I laughed immeasurably the other night as I watched ESPN Monday Night Countdown in a bar. Because of the noise, the closed captioning was on and a reference to Donkey Kong was typed as “Donkey Congress”. Which is funny on several levels.

The laughter ended abruptly however, when my husband and I were completel stumped as to why Donkey Kong is called Donkey Kong, when there is less than one donkey anywhere in the game. Kong is self explanatory…and Monkey Kong is damn near appropriate, and yet, it’s called Donkey Kong.


From Gamespot’s History of Donkey Kong:

According to The Ultimate History of Video Games, the creator of the game, Sigeru Miyamoto wanted the game to have an English name, because his company, Nintendo, was still attempting to penetrate the American market. Miyamoto hardly spoke any english, so he consulted a Japanese-English dictionary. He wanted to call the game something along the lines of “Stubborn Gorilla”, which makes sense. Unfortunately, the dictionary gave him the word ‘donkey’ as a synonym of ‘stubborn’, and ‘kong’ as a synonym for ‘gorilla’. The rest, as they say, is history.

Thanks but, jeez. How about BIG GIANT APES? They’re pretty hard to deal with. It seems silly to create a giant monkey for a game and then look for another animal to call it.

Snopes on the origin of the name “Donkey Kong”.

Thanks for the Snopes link. An interesting read, and certainly possibly correct, although their argument against the mistranslation story seems to be along the lines of “well, we haven’t heard that it’s not true, but we haven’t heard that it definitively is true, either, so we’re going to go with ‘not’”.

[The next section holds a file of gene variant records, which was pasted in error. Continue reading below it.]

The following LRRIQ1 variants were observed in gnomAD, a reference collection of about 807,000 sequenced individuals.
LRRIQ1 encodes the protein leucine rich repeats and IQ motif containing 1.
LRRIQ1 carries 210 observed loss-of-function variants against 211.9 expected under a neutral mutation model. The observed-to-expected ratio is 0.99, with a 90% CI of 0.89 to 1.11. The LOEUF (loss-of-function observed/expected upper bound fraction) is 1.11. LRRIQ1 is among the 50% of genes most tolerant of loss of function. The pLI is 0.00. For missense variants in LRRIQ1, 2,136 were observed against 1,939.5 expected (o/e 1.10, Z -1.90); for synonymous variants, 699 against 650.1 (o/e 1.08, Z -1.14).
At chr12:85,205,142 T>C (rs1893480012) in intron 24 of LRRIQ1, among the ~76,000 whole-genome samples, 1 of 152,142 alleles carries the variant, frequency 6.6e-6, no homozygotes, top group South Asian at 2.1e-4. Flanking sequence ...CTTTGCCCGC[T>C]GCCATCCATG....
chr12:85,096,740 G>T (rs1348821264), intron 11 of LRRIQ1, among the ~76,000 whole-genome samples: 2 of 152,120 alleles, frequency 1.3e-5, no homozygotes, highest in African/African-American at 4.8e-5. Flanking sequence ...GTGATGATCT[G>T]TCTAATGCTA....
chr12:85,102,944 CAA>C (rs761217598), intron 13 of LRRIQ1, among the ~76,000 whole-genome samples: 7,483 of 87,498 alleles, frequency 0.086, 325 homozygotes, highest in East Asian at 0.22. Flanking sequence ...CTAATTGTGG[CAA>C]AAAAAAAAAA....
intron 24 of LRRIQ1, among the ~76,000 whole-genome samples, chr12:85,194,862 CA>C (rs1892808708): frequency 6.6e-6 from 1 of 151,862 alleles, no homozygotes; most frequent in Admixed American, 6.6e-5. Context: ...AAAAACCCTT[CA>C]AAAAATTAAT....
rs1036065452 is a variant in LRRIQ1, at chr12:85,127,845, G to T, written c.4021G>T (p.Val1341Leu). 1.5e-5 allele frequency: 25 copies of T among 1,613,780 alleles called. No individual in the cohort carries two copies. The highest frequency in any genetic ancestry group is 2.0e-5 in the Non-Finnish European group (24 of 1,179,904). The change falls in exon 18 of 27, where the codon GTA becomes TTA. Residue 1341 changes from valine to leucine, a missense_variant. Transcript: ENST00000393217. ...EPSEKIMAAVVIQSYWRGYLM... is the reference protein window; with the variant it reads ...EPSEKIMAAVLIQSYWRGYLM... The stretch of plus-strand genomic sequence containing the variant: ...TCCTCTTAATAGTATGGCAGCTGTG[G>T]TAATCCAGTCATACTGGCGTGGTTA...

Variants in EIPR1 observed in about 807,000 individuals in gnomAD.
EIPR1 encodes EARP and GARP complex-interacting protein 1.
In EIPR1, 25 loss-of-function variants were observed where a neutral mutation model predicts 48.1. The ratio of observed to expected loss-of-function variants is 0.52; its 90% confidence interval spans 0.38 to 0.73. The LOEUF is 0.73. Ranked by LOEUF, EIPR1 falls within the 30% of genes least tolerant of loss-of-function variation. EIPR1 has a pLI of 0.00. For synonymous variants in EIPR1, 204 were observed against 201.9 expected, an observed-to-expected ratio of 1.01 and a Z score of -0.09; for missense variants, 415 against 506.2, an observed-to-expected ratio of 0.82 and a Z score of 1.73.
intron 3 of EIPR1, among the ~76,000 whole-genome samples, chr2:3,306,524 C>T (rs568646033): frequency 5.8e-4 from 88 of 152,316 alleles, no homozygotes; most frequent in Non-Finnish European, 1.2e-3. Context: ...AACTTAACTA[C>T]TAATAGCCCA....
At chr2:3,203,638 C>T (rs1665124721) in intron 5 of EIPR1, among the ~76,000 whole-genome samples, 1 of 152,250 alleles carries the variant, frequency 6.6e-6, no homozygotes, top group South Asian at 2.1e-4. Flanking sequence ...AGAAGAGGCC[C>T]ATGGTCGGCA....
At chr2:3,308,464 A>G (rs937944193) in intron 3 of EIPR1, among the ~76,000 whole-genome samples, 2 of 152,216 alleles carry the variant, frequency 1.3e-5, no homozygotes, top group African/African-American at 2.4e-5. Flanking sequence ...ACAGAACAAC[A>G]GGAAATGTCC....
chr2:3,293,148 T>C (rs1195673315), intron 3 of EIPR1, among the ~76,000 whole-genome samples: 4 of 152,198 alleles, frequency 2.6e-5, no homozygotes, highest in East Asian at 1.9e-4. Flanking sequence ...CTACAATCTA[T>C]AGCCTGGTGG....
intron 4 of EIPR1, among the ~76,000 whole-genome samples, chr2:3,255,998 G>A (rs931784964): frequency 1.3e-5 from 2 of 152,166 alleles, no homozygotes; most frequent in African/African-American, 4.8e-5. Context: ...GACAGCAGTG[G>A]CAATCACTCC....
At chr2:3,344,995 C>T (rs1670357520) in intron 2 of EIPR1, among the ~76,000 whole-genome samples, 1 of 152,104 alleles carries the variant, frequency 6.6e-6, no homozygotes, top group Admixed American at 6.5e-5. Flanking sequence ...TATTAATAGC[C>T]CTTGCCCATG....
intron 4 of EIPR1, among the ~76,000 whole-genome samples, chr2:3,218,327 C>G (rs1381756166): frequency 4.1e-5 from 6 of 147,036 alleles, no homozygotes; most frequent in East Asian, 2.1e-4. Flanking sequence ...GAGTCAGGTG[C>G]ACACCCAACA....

The book I referenced above, The Ultimate History of Video Games, by Steven L. Kent, was published in 2001. The Snopes article was last updated in Feb. of 2001, so it’s quite possible the book came out after the Snopes article. Although the story about the mistranslation isn’t a direct quote from Miyamoto, he was clearly interviewed for the book and is quoted throughout. I realize that that in and of itself doesn’t prove that the story is true, but I’m assuming that he was questioned about the origin of the name. Again, I understand that that’s not proof, but the Snopes article isn’t proof enough for me that it’s not true, so I’m standing by the book.

Anamorphic: What kind of half-assed dictionary would give donkey' as a translation or synonym for stubborn’? That would not only involve a rather abstruse cultural translation but, at the same time, a complete incompetence in actual linguistic translation.

The authors wouldn’t be capable of saying that Americans consider donkeys to be stubborn and, at the same time, thinking donkey' was an acceptable *synonym* for stubborn’. It would be equivalent to someone being capable of deriving the quadratic equation but being unable to add two and two.

How high can you get?

Erm, a half-assed one. :slight_smile:

Look, I’m not disagreeing with you that it seems pretty silly, but that doesn’t make it impossible. The book I’m quoting from seems to be a pretty reliable source, and the author clearly interviewed the man in question. Again, I understand that that doesn’t make it irrefutable, but it does a better job of proving to me that it could quite possibly be true than Snopes does in proving to me that it’s absolutely not true.

You would be amazed at what the Japanese can come up with when trying to write English. Just check out

Or what I found on a Japanese corporate Web site. I don’t have the URL handy, but I think it was some sort of telecommunications company. I wrote this down because I thought it was funny:

“We make human communication with a lot of way. communication become to be entertainment for our good life. we can give you a new type confort, and you must feel so nice. that is out satisfaction.”

(Spelling and capitalization left intact as seen on the site)

Thank Og it wasn’t called Ass Kong. I think that is the name of an adult “toy”.

Incidently, putting “ass kong” into Google gave this site (safe for work).